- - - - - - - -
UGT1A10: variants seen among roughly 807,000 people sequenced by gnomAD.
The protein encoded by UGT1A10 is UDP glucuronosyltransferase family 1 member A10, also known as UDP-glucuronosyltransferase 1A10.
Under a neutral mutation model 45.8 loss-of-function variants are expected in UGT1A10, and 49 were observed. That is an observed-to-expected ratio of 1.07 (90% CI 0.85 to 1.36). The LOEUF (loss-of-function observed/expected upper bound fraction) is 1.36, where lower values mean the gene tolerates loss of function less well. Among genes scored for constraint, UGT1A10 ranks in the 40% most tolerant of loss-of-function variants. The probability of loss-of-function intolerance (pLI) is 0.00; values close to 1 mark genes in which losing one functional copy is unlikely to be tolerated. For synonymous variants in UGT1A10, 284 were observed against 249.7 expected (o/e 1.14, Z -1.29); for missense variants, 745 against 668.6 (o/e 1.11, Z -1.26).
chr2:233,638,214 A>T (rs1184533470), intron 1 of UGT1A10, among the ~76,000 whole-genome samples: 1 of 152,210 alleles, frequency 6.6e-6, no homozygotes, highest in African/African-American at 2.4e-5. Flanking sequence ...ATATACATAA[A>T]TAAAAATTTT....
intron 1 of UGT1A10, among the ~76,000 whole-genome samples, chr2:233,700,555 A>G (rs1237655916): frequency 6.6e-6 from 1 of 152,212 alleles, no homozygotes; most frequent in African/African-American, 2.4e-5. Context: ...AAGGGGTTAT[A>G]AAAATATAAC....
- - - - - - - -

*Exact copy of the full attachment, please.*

UGT1A10: variants seen among roughly 807,000 people sequenced by gnomAD.
The protein encoded by UGT1A10 is UDP glucuronosyltransferase family 1 member A10, also known as UDP-glucuronosyltransferase 1A10.
Under a neutral mutation model 45.8 loss-of-function variants are expected in UGT1A10, and 49 were observed. That is an observed-to-expected ratio of 1.07 (90% CI 0.85 to 1.36). The LOEUF (loss-of-function observed/expected upper bound fraction) is 1.36, where lower values mean the gene tolerates loss of function less well. Among genes scored for constraint, UGT1A10 ranks in the 40% most tolerant of loss-of-function variants. The probability of loss-of-function intolerance (pLI) is 0.00; values close to 1 mark genes in which losing one functional copy is unlikely to be tolerated. For synonymous variants in UGT1A10, 284 were observed against 249.7 expected (o/e 1.14, Z -1.29); for missense variants, 745 against 668.6 (o/e 1.11, Z -1.26).
chr2:233,638,214 A>T (rs1184533470), intron 1 of UGT1A10, among the ~76,000 whole-genome samples: 1 of 152,210 alleles, frequency 6.6e-6, no homozygotes, highest in African/African-American at 2.4e-5. Flanking sequence ...ATATACATAA[A>T]TAAAAATTTT....
intron 1 of UGT1A10, among the ~76,000 whole-genome samples, chr2:233,700,555 A>G (rs1237655916): frequency 6.6e-6 from 1 of 152,212 alleles, no homozygotes; most frequent in African/African-American, 2.4e-5. Context: ...AAGGGGTTAT[A>G]AAAATATAAC....